Fire is an enigmatic phenomenon — it’s mesmerizing to watch, but can be dangerous and destructive. Fire is a chemical reaction, igniting the vapors of combustible materials such as wood or gasoline to release energy in the form of heat and light.
Humans have long used fire to provide many benefits. Before gas and electricity were invented, people relied on fire to cook, warm themselves and illuminate their homes. It was also a crucial weapon in early warfare, and is still used to clear land for farming and recreation.
The flames of a fire are made up of different chemicals, and they can take many shapes. The flames are self-perpetuating, meaning that as long as the fuel and oxygen continue to react, they’ll keep burning. During this process, the atoms in the fuel are heated until they break free from their bonds and turn into volatile gases. The gases then interact with the oxygen in the air to create more fuel molecules. This creates more heat, and the cycle continues.
While fire is a natural part of the environment, humans have greatly increased its destructive power. When uncontrolled, it can destroy buildings, cause injuries and even death. It is important to understand how and why fire occurs so that you can take steps to prevent it.
Fires can start in a number of ways, including smoking cigarettes or cooking over an open flame. If the conditions are right, a fire can spread quickly to nearby tinder and wood. A wildfire can be devastating to communities, disrupting the flow of water and contaminating air. Fires can also have a positive impact on an ecosystem, by removing dead vegetation and creating opportunities for new growth.
Whether wildfires or household fires, most of them are caused by careless behavior or faulty appliances. While there are a variety of fire-prevention tips, two are especially important for anyone who lives in an area prone to wildfires.
Keep your home safe by regularly checking flammable items around your house. This doesn’t mean you need to dig into the walls, but you should be aware of any electrical cords that have frayed edges. Also check plugged-in items like computers and TVs to make sure they’re turned off completely when not in use.
If you’re not sure where to start, the ChooseFI website has some low-hanging fruit that won’t force you to give up your lattes. Other low-cost strategies include paying down high-interest debt, reducing housing expenses (if you have kids in college, consider moving them out), and trimming unnecessary spending.
Fire trucks are the vehicles that firefighters use to fight blazes and save lives. They are specialized rigs that combine everything a crew needs to perform their important work, from the pumps and water tanks to the ladders and hoses. They feature emergency vehicle lighting and sirens to help others see them and alert them of their presence, as well as equipment like computers and two-way radios to ensure constant communication between the crew and the station.
While most of us know that a fire truck is the rig with the big ladder, few people actually know what exactly a fire truck is or what all it contains. If you ever get the opportunity, take a look inside one of these important first responders and learn about all that goes into making them what they are.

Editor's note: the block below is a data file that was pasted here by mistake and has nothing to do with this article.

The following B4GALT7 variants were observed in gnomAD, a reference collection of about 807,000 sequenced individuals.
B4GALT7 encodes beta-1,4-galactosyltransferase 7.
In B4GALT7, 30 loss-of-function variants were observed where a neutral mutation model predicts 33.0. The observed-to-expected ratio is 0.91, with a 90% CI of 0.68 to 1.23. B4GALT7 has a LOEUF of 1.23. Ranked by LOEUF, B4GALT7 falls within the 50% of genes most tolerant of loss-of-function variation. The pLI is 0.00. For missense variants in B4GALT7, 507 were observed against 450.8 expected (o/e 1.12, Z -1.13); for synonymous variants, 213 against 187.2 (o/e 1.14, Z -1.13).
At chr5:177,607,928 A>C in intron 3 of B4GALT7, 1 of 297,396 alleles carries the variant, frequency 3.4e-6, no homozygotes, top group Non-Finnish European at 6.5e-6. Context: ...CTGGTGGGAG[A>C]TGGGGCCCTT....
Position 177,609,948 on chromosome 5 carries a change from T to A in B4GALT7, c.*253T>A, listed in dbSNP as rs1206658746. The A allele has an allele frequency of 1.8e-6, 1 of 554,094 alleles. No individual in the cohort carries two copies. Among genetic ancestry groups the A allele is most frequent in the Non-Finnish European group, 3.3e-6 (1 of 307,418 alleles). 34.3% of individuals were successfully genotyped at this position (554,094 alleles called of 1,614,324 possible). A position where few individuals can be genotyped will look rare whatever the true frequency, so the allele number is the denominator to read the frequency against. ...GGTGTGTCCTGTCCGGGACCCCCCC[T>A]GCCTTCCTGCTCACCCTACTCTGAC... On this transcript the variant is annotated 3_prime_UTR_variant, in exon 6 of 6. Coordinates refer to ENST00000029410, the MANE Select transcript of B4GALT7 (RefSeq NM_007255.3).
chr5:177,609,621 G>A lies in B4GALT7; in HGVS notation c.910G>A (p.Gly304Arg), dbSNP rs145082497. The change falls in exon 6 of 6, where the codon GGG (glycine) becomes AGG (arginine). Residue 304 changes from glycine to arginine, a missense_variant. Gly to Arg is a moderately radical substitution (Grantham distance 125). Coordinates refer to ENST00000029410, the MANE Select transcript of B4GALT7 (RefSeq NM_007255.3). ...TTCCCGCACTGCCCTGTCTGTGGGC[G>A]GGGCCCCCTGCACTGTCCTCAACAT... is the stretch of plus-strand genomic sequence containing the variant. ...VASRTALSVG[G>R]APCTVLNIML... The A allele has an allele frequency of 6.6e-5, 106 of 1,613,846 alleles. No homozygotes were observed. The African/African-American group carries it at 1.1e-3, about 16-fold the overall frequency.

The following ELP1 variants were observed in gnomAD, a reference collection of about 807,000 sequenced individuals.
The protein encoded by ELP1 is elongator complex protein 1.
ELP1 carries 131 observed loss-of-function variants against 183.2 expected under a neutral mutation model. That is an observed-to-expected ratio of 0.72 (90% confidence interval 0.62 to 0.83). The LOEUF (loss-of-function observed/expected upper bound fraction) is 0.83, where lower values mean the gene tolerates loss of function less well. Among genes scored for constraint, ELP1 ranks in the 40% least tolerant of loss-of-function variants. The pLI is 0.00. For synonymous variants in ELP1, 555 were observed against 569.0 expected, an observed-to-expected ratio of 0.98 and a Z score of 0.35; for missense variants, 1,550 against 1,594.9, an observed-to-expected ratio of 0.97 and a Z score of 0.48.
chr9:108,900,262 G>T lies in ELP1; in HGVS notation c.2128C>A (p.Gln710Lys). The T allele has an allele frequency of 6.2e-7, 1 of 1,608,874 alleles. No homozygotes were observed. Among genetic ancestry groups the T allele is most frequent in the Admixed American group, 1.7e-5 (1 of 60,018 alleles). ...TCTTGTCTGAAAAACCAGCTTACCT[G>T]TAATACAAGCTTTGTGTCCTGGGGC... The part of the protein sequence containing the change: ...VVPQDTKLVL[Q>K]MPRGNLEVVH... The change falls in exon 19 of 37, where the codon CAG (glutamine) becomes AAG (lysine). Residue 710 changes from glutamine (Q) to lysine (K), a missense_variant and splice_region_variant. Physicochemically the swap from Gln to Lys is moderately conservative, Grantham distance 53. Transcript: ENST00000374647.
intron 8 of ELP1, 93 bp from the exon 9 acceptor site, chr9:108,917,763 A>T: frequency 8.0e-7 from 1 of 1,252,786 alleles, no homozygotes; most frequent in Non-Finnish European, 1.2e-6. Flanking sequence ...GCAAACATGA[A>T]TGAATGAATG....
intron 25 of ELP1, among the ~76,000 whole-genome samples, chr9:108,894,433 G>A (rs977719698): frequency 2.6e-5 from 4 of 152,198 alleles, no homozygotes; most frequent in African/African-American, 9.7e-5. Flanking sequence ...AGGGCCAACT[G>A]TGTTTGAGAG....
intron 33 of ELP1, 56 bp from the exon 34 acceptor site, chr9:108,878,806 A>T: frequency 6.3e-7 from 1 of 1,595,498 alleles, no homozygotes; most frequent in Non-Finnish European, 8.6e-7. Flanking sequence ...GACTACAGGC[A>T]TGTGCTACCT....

Fire Truck Facts
In most parts of the world, when you hear a fire alarm sound or see smoke billowing from a building, chances are that the local fire department is on their way to the scene. These trucks are often large red vehicles, more like four wheel drives than traditional automobiles, that you see driving down the road honking their horns and blaring their sirens as they race to the emergency scene. Whether it’s an apartment building or your neighborhood, you have probably seen these red vehicles before and wondered what they were all about.
The most common type of fire truck you’ll find in cities and towns is a type 1 fire engine, also known as a pumper or a triple combination rig. This rig is typically based on a commercial vehicle chassis that has been further modified and equipped with the specialized tools needed to carry out various firefighting tasks. Fire engine rigs generally feature a number of hoses that are rolled up and stowed when not in use, as well as a large tank that can hold hundreds of gallons of water at once.
These large rigs can also include a ladder system with multiple lengths and types of rungs, forcible entry equipment and the ability to quickly extend a portable hydraulic platform or winch system. They also contain a full compliment of self-contained breathing apparatus (SCBA), chainsaws, hazmat gear and other unique items that are specific to each fire department’s response capability and needs.
Firefighters must be ready to go when the call comes in, so they need to be able to get to the scene in a timely manner. That’s why fire trucks usually have built-in headsets that allow the entire crew to communicate with each other while on their way to an intervention site. Some also have special seats that can accommodate SCBA, allowing the crew to “gear up” while they are still on their way to the fire.
Although red remains the most popular color for fire trucks, many departments use a variety of colors including white, yellow, green, orange and even black to identify their vehicles. Regardless of the color, however, these powerful vehicles must be tough and reliable to meet the challenges of their crucial missions. Luckily, E-ONE is a leader in building innovative, reliable and versatile fire trucks for first responders around the world.
A fire extinguisher is a metal cylinder filled with water or a smothering agent that you can deploy to put out a small flame or slow its progression until emergency services arrive. These devices are a valuable tool to have in any household, office building or business. They are used to protect people and property from the destructive power of a fire, but you must be prepared and understand how to use them. Fires double in size every 60 seconds, so it is important to act quickly. You must also know your escape route before a fire becomes too large to exit through an existing door. Fire extinguishers are designed to be used by anyone, including children and people with disabilities.